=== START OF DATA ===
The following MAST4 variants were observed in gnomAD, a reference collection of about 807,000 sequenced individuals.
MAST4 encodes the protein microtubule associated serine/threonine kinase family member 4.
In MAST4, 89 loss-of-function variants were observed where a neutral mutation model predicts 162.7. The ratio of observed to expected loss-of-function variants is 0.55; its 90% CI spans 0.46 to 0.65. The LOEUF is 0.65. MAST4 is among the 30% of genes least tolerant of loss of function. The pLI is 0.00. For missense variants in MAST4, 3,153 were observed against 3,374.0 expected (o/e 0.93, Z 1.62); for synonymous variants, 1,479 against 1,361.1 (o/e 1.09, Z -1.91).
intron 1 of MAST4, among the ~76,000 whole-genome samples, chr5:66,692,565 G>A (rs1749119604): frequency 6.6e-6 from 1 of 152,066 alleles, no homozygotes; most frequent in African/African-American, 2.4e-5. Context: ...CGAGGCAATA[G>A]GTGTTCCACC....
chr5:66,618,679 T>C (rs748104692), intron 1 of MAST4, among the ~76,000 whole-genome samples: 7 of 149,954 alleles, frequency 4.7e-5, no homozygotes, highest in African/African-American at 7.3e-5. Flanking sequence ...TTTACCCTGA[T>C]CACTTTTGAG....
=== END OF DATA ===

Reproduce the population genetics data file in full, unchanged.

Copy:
The following MAST4 variants were observed in gnomAD, a reference collection of about 807,000 sequenced individuals.
MAST4 encodes the protein microtubule associated serine/threonine kinase family member 4.
In MAST4, 89 loss-of-function variants were observed where a neutral mutation model predicts 162.7. The ratio of observed to expected loss-of-function variants is 0.55; its 90% CI spans 0.46 to 0.65. The LOEUF is 0.65. MAST4 is among the 30% of genes least tolerant of loss of function. The pLI is 0.00. For missense variants in MAST4, 3,153 were observed against 3,374.0 expected (o/e 0.93, Z 1.62); for synonymous variants, 1,479 against 1,361.1 (o/e 1.09, Z -1.91).
intron 1 of MAST4, among the ~76,000 whole-genome samples, chr5:66,692,565 G>A (rs1749119604): frequency 6.6e-6 from 1 of 152,066 alleles, no homozygotes; most frequent in African/African-American, 2.4e-5. Context: ...CGAGGCAATA[G>A]GTGTTCCACC....
chr5:66,618,679 T>C (rs748104692), intron 1 of MAST4, among the ~76,000 whole-genome samples: 7 of 149,954 alleles, frequency 4.7e-5, no homozygotes, highest in African/African-American at 7.3e-5. Flanking sequence ...TTTACCCTGA[T>C]CACTTTTGAG....